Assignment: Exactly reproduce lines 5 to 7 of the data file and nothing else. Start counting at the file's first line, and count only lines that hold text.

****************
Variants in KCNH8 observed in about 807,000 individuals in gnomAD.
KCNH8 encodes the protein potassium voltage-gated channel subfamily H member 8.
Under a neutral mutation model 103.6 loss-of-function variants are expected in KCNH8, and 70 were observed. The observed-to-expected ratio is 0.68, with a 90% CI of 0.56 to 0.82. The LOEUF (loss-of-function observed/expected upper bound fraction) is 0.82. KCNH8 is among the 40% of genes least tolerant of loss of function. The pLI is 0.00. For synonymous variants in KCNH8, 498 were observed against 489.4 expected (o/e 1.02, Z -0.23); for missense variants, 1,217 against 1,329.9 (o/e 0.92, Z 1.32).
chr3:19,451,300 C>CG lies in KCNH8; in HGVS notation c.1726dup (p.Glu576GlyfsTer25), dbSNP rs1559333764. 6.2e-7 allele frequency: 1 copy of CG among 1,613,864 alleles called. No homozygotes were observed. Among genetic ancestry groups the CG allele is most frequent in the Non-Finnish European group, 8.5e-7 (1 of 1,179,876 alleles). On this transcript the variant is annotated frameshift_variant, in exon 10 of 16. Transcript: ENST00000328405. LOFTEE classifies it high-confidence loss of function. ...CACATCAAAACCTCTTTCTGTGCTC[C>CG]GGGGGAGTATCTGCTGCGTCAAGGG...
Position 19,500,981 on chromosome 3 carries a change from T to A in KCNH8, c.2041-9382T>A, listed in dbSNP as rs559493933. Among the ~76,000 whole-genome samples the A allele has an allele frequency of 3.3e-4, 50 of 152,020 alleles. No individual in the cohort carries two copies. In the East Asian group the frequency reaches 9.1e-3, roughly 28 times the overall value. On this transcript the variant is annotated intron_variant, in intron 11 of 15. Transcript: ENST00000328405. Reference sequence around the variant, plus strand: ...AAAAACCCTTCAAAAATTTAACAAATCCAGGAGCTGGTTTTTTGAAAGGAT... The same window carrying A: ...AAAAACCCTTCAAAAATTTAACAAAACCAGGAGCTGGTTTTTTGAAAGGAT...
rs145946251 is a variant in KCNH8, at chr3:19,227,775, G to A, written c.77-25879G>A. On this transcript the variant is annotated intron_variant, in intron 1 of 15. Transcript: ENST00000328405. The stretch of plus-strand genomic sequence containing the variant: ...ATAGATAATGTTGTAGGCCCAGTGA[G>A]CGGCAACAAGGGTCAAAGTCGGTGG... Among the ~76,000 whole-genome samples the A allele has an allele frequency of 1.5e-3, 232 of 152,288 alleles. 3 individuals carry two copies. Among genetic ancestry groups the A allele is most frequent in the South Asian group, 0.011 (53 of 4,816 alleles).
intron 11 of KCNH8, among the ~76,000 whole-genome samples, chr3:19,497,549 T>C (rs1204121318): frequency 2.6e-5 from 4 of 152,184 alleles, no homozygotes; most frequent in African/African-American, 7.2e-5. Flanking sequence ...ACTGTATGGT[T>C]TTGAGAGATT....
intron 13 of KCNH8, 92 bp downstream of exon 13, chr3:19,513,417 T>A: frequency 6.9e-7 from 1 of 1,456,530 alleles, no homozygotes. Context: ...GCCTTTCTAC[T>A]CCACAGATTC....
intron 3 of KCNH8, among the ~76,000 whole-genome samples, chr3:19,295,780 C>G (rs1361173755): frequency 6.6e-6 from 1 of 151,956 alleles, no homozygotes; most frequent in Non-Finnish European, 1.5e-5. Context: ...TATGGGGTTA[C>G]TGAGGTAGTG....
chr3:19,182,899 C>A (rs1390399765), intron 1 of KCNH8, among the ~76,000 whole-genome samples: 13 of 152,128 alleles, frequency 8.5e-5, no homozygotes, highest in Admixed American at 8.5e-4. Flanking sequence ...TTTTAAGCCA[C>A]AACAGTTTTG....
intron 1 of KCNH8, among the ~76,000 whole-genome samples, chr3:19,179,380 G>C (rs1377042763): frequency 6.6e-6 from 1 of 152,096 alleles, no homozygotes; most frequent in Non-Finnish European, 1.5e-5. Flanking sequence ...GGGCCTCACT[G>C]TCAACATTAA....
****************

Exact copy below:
Position 19,500,981 on chromosome 3 carries a change from T to A in KCNH8, c.2041-9382T>A, listed in dbSNP as rs559493933. Among the ~76,000 whole-genome samples the A allele has an allele frequency of 3.3e-4, 50 of 152,020 alleles. No individual in the cohort carries two copies. In the East Asian group the frequency reaches 9.1e-3, roughly 28 times the overall value. On this transcript the variant is annotated intron_variant, in intron 11 of 15. Transcript: ENST00000328405. Reference sequence around the variant, plus strand: ...AAAAACCCTTCAAAAATTTAACAAATCCAGGAGCTGGTTTTTTGAAAGGAT... The same window carrying A: ...AAAAACCCTTCAAAAATTTAACAAAACCAGGAGCTGGTTTTTTGAAAGGAT...
rs145946251 is a variant in KCNH8, at chr3:19,227,775, G to A, written c.77-25879G>A. On this transcript the variant is annotated intron_variant, in intron 1 of 15. Transcript: ENST00000328405. The stretch of plus-strand genomic sequence containing the variant: ...ATAGATAATGTTGTAGGCCCAGTGA[G>A]CGGCAACAAGGGTCAAAGTCGGTGG... Among the ~76,000 whole-genome samples the A allele has an allele frequency of 1.5e-3, 232 of 152,288 alleles. 3 individuals carry two copies. Among genetic ancestry groups the A allele is most frequent in the South Asian group, 0.011 (53 of 4,816 alleles).
intron 11 of KCNH8, among the ~76,000 whole-genome samples, chr3:19,497,549 T>C (rs1204121318): frequency 2.6e-5 from 4 of 152,184 alleles, no homozygotes; most frequent in African/African-American, 7.2e-5. Flanking sequence ...ACTGTATGGT[T>C]TTGAGAGATT....